On 18/02/2021 00:35, Robin H. Johnson wrote:
On Wed, Feb 17, 2021 at 05:36:53PM +0100, Loïc Dachary
TL;DR: Is it more advisable to work on Ceph internals to make it
friendly to this particular workload or write something similar to
EOS (i.e Rocksdb + Xrootd + RBD)?
CERN's EOSPPC instance, which is one of
the biggest from what I can
find, was up around 3.5B files in 2019; and you're proposing running 10B
files, so I don't know how EOS will handle that. Maybe Dan can chime in
on the scalability there.
This is an essential piece of information I was missing.
It also makes sense that there are much larger objects in the context of the CERN.
Please do keep on this important work! I've tried to do something
similar at a much smaller scale for Gentoo Linux's historical collection
of source code media (distfiles), but am significantly further behind
Thanks for the encouragements! These are very preliminary stages but
I'm enthusiastic about what will follow because I'll have the opportunity to work
on it until a solution is implemented and deployed.
Let say those 10 billions objects are stored in a
single 4+2 erasure
coded pool with bluestore compression set for objects that have a size
32KB and the smallest allocation size for bluestore set to 4KB.
The 750TB won't use the expected 350TB but about 30% more, i.e.
~450TB (see  for the maths). This space amplification is because
storing a 1 byte object uses the same space as storing a 16KB object
(see  to repeat the experience at home). In a 4+2 erasure coded
pool, each of the 6 chunks will use no less than 4KB because that's
the smallest allocation size for bluestore. That's 4 * 4KB = 16KB
even when all that is needed is 1 byte.
I think you have an error here: with 4KB
allocation size in 4+2 pool,
any object sized (0,16K] will take _6_ chunks: 20KB of storage.
Any object sized (16K,32K] will take _12_ chunks: 40K of storage.
I should have
mentioned that my calculations were ignoring the replication overhead (parity chunks or
copies). Good catch :-)
I'd attack this from another side entirely:
- how aggressively do you want to pack objects overall? e.g. if you have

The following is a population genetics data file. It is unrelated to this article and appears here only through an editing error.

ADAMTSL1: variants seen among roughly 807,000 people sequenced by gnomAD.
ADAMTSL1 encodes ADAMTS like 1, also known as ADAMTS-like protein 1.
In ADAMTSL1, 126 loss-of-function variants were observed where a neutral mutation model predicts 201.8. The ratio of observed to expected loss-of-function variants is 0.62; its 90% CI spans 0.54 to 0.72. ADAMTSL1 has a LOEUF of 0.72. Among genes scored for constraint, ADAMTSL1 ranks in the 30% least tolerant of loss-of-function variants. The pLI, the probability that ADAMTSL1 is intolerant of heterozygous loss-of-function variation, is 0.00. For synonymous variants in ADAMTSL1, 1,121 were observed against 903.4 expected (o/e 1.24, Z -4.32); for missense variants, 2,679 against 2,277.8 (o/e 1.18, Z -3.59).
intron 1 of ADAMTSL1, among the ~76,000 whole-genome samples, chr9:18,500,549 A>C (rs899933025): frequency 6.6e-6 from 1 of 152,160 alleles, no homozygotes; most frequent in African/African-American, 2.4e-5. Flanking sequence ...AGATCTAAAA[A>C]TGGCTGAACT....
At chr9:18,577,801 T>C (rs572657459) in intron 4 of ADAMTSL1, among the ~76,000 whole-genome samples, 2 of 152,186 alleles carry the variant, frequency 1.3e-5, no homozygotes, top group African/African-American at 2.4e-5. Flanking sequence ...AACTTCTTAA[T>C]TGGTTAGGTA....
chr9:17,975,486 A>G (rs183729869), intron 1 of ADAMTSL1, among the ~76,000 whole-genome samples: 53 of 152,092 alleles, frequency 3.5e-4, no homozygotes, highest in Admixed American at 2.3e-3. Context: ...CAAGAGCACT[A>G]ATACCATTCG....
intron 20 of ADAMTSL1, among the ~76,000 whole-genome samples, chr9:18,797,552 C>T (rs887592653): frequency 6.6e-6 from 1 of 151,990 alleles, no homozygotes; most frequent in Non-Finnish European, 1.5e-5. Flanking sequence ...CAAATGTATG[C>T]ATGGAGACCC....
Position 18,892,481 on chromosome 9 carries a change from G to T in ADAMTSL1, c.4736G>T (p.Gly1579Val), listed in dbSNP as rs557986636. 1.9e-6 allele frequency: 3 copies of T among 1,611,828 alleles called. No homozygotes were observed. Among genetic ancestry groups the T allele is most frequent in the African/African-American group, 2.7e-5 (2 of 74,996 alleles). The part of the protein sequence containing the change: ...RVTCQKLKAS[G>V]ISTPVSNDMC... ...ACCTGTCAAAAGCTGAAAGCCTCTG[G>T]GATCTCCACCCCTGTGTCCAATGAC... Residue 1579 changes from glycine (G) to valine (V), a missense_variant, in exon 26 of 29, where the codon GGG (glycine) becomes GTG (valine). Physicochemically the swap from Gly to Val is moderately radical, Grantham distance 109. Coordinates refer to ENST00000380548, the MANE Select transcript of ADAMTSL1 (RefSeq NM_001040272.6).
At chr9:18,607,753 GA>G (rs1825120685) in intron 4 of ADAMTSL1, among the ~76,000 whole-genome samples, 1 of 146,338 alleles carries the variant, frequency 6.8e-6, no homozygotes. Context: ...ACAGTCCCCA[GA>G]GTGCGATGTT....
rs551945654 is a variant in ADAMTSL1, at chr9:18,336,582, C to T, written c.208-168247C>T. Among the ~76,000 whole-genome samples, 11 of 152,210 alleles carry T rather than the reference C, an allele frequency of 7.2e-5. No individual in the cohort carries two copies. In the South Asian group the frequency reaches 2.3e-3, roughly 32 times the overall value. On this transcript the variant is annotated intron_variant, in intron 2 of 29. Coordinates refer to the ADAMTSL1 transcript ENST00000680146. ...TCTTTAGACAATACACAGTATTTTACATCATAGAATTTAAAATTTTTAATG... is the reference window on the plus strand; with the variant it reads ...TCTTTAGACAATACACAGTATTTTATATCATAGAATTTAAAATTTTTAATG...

a few thousand objects in the 4-5K range, do you want zero bytes
wasted between objects?
50% of the objects have a size <4KB, that is
~5billions currently and growing. *But* they account for only 1% of the total size. So
maybe not very agressively but not passively either.
- how aggressively do you want to dudup objects that
share common data,
esp if it's not aligned on some common byte margins?
addressed by the SHA256 of their content and that takes care of deduplication.
- what are the data portability requirements to
move/extract data from
this system at a later point?
The data portability is ensured by using Free
Software only and open standards where possible. And by distributing the software in a way
that can be conveniently installed by a third party. Does that answer your question? The
durability of the software/format couple used to store data is something I'm not
worried about but may I should.
- how complex of an index are you willing to maintain
I don't envision the index being more complex than
SHA256 => content (roughly).
- What requirements are there about the ordering and
the packs? How related do the pack objects need to be? e.g. are the
packed as they arrive in time order, to build up successive packs of
size, or are there many packs and you append the "correct" pack for a
There are no ordering requirements.
I'm normally distinctly in the camp that object storage systems should
natively expose all objects, but that also doesn't account for your
I see your discussion at https://forge.softwareheritage.org/T3054#58977
as well, about the "full scale out" vs "scale up metadata & scale out
To brainstorm parts of an idea, I'm wondering about Git's
still-in-development partial clone work,
[snip] I did not know about "partial
clone" and will explore this in https://forge.softwareheritage.org/T3065
. Although it
is probably not a good fit for a 2021 solution, it sounds like a great source of
Thinking back to older systems, like SGI's
hierarchal storage modules
for XFS, the packing overhead starts to become significant for your
objects: some of the underlying mechanisms in the XFS HSM DMAPI, if they
ended up packing immutable objects to tape still had tar & tar-like
headers (at least 512 bytes per object), your 10B objects would take at
least 4TB of extra space (before compression).
I'm tempted to overlook lessons
from the past. In part because I'm afraid I'll loose myself :-) In part because I
assume the world changed a lot since. If however you think (have a hunch) that it might be
useful, I'll give it a try.
Thanks for the great feedback!
Loïc Dachary, Artisan Logiciel Libre